Thursday, March 30, 2006

V For Quite Good, Actually

V For Vendetta has to be one of the most maligned film releases so far this year, sharply dividing critics who seem to either love it or loathe it. Having finall seen it, I can honestly say that I thought that it was OK, far better than I had expected, actually. OK, I know that the original graphic novel's author, Alan Moore, had his name removed from the credits, and that it doesn't faithfully follow every detail of the comic strip, but it still caputures the downbeat and oppressive feel of the original and retains the central character's essential ambiguity. Let's face it, literal translations of a work from one media to another are pretty much impossible. Whilst there's a school of thought which holds that the original text is sacred, the reality is that all texts, by their very nature, are interpreted differently by every reader anyway. It is inevitable when translated into a different media, it will be reinterpreted again, by both makers and audience. It's the nature of art, I'm afraid.

The fact is that the film V For Vendetta attempts to be faithful to the spirit and intent of the graphic novel V For Vendetta, whilst translating it into cinematic terms. Condensing the whole thing into a film with a running time of just over two hours means that, inevitably, plot details and some characters are streamlined, omitted or altered. However, the basic plot is the same, all the main dramatis personae are present and most of the comic's highlights are reproduced. The main changes evident have been forced on the makers of the film by history. The comic strip was, in part, a satire on the Thatcher years (when it was first published), portraying the possible results of the political policies and international climate taken in extreme. Clearly, this would mean little to the target audience of a film of this type, so the makers have sought to recast the source material in more contemporary terms, using the 'War on Terror' and the accompanying increased domestic repression as a background. The main faults of the film - a somewhat disjointed narrative (which becomes highly episodic as V pursues his personal vendetta during its middle part) and unevenness of tone - are also the faults of its source material.

Ultimately, the producers should be praised for retaining so much from the novel - it must have been tempting to ditch the British location (as in last year's Constantine), or have the hero remove his mask (as in Judge Dredd). But they didn't sucumb to such temptations. Perhaps most impressive is that they refused to turn V into a more conventional movie hero - he remains a violent, psychotic, even, killer, who is apparently happy to allow others, including children, to sacrifice themselves for his 'greater good'. In doing so, it retains the central dilemma of whether it ever is possible to use violence in the cause of good - at what point does it become legitimate to take arms against a government? A question even more relevant today, surely, than twenty-odd years ago. Let's face it, it is either incredibly courageos, or incredibly foolhardy, for amajor film studio like Warner Brothers, to release a big budget motion picture which portrays the terrorist as hero. Particularly in the present climate!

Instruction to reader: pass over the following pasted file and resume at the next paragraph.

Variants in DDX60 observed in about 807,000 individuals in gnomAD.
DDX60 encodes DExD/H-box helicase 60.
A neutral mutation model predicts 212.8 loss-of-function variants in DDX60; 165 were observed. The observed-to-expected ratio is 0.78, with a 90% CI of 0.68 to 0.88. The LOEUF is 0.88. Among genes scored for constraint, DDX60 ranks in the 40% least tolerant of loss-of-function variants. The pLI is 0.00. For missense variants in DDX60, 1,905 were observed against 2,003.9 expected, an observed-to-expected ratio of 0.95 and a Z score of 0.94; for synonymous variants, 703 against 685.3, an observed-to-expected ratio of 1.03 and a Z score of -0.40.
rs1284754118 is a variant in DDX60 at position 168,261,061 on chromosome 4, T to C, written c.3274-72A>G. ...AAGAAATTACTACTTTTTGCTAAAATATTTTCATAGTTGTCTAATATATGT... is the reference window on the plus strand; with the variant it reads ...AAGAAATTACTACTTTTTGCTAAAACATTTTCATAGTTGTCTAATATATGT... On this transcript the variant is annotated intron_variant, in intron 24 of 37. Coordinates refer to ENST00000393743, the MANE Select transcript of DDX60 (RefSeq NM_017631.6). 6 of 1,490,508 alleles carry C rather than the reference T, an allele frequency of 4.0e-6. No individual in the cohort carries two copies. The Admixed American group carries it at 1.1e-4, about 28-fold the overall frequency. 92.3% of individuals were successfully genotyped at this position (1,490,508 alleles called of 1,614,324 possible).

There, you didn't know you were going to get film reviews here, did you (at least, not of films which actually exist)? However, the V For Vendetta graphic novel has a special place in my heart and the film, whilst never quite capturing its power did, for a moment or two, take me back to the heady days of the early 1980s, when inner-city Britain was erupting into riots and, for one glorious moment, it looked like this country might be tumbling into a revolution! But times change, and so do we - the young left-wing would-be revolutionary of then is now a much more cautious middle-aged leftist, who has learned to be as suspicious of revolutionaries as of oppressive governments! If only it could be so simple as to simply go out into the steets and sove all our problems by mass defiance of authority...



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